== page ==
Why I am sticking with a church the Anglican Communion is afraid of:
I can be who I am, openly, and expect full inclusion in the life of the church – that means female or male or trans*, gay or straight or queer, black or white or tan, democrat or republican or libertarian, old or young or middle-aged, famous or not, etc.
I can be ordained as a deacon, priest, bishop, or presiding bishop as a female. And I can be ordained and have a husband or wife. And sex. And children.
I know I can find comfort in the liturgy at any Episcopal service I attend. It’s the same every week. I can follow the service in any language and know what’s being said. It’s predictable. Did someone say BCP?
We are adaptive to the changes of the modern world and take prayerful action to be part of today, not yesterday. We are constantly considering the scriptures as they relate to the world today so we can remain relevant.
We allow room for embracing beliefs and practices of different religions and cultures. My faith is stronger because of this. The Episcopal Church does not close its doors or punish and condemn its members for appreciating a range of beliefs and ideas. In fact, I think one of our strengths is our collaborative spirit.
I’m encouraged to question anything, knowing that chances are I’ll then be able to engage in a loving, powerful conversation where both I and my priest/friend/bishop/committee will learn more about our own faith journeys.
Our governing structure is largely democratic. Lay people’s votes carry the same weight as those by clergy, with one exception for bishops – but all political changes are debated and voted on by many committees as well as by both laypeople/clergy and bishops before becoming church law.
We don’t operate as a church that requires a middle-person between people and God. We don’t like hierarchy in that way. We trust people to have an open relationship with and to be able to communicate freely with God without an intermediary.
We’re a missionary church in everything we do, by definition and official corporate title. And our job is not to convert people to think like us – that’s not our interpretation of being evangelists. We show the love of Jesus with no strings attached because that’s what the gospel is. That’s what we are called to do – love.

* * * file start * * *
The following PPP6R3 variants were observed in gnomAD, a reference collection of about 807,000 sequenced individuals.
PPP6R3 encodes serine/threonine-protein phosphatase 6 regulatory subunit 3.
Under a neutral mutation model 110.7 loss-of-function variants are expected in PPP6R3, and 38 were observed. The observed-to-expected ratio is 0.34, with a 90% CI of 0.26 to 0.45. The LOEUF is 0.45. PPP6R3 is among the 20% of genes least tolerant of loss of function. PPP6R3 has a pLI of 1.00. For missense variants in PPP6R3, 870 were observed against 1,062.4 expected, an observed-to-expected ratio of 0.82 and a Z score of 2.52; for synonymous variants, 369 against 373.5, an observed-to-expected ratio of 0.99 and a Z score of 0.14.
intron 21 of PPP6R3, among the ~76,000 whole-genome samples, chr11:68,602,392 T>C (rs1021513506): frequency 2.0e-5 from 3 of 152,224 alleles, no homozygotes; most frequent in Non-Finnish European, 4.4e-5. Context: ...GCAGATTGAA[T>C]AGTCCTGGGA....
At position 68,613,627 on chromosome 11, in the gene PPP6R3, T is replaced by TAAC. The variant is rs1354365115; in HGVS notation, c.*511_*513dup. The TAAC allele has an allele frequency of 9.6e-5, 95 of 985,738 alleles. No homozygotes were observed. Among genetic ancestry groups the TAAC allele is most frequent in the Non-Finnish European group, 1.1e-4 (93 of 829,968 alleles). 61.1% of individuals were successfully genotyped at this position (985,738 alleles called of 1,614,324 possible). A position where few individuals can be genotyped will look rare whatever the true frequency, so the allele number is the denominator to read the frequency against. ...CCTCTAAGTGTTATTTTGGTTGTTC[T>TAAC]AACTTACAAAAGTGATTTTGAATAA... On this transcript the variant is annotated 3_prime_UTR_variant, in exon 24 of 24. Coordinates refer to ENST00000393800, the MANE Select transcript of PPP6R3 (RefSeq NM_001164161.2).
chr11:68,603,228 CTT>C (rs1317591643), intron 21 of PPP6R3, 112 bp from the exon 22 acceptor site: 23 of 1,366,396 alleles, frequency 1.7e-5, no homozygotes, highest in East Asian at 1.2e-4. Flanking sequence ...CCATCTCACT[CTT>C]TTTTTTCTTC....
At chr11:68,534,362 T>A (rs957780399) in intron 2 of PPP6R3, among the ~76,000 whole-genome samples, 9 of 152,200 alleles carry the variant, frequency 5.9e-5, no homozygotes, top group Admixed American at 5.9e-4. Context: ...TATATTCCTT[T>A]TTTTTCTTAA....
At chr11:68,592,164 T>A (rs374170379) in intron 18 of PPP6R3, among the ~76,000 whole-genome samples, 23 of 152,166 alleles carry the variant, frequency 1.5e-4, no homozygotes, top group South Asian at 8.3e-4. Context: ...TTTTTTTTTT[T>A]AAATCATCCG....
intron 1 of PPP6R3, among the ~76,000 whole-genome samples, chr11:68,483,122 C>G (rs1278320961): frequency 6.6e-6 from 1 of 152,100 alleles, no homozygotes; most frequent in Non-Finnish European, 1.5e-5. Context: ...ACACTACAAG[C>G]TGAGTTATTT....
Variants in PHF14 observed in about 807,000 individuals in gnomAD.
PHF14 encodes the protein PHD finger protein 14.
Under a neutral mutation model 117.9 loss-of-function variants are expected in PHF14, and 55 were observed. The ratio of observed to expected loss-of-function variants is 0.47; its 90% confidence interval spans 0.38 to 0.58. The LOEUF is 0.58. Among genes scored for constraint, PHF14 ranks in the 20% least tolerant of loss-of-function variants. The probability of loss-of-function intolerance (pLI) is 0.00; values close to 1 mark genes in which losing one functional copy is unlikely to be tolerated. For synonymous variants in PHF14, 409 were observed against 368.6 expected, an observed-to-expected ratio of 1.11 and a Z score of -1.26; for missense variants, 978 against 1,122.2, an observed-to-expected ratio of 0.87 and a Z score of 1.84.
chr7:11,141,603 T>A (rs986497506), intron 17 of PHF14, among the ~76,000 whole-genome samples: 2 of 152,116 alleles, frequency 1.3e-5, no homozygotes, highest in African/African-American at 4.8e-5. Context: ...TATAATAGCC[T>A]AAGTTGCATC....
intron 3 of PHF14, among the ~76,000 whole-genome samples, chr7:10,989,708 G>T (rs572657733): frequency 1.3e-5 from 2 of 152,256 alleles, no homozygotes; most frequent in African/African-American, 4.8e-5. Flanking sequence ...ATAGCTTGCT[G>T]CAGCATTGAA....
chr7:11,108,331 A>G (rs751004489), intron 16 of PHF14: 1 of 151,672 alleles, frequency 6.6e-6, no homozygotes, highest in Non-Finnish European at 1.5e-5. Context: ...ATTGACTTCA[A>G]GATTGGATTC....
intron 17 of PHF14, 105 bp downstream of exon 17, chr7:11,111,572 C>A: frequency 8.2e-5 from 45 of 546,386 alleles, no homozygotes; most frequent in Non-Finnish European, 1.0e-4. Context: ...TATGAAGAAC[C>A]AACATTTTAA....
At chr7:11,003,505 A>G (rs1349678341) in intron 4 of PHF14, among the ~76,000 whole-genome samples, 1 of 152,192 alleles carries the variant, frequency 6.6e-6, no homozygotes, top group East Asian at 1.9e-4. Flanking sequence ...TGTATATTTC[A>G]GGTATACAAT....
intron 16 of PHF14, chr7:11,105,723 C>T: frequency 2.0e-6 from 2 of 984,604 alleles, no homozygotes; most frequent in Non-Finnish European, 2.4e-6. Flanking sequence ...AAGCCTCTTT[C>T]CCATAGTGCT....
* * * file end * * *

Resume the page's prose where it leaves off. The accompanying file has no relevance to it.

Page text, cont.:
We really know how to hug. Have you hugged an Episcopalian today?
With Rev. Megan Anderson and the Very Rev. Brian Baker
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Born in the 1960s into conservative but open-minded families (Hala in Egypt and Asra in India), we grew up without an edict that we had to cover our hair. But, starting in the 1980s, following the 1979 Iranian revolution of the minority Shiite sect and the rise of well-funded Saudi clerics from the majority Sunni sect, we have been bullied in an attempt to get us to cover our hair from men and boys. Women and girls, who are sometimes called “enforce-hers” and “Muslim mean girls,” take it a step further by even making fun of women whom they perceive as wearing the hijab inappropriately, referring to “hijabis” in skinny jeans as “ho-jabis,” using the indelicate term for “whores.”
To us, the “hijab”is a symbol of an interpretation of Islam we reject that believes that women are a sexual distraction to men, who are weak, and thus must not be tempted by the sight of our hair. We don’t buy it. This ideology promotes a social attitude that absolves men of sexually harassing women and puts the onus on the victim to protect herself by covering up.
I understand Asra and Hala’s stance completely, in fact it is something I thought about most when deciding whether or not to wear a hijab recently: the fact that it is often enforced as a patriarchal, women-are-sex-objects-we-must-keep-them-hidden-and-protected idea. Furthermore, I am aware and agree that the religious texts – verses in the Koran – have been interpreted in many ways to suit particular agendas, as is the case with almost any religion. I fully support the efforts by so many to continue to make all religions fit into today’s time, including efforts by many Muslims and non-Muslims to educate people that the interpretation of the need to wear the hijab is a subject of hot debate.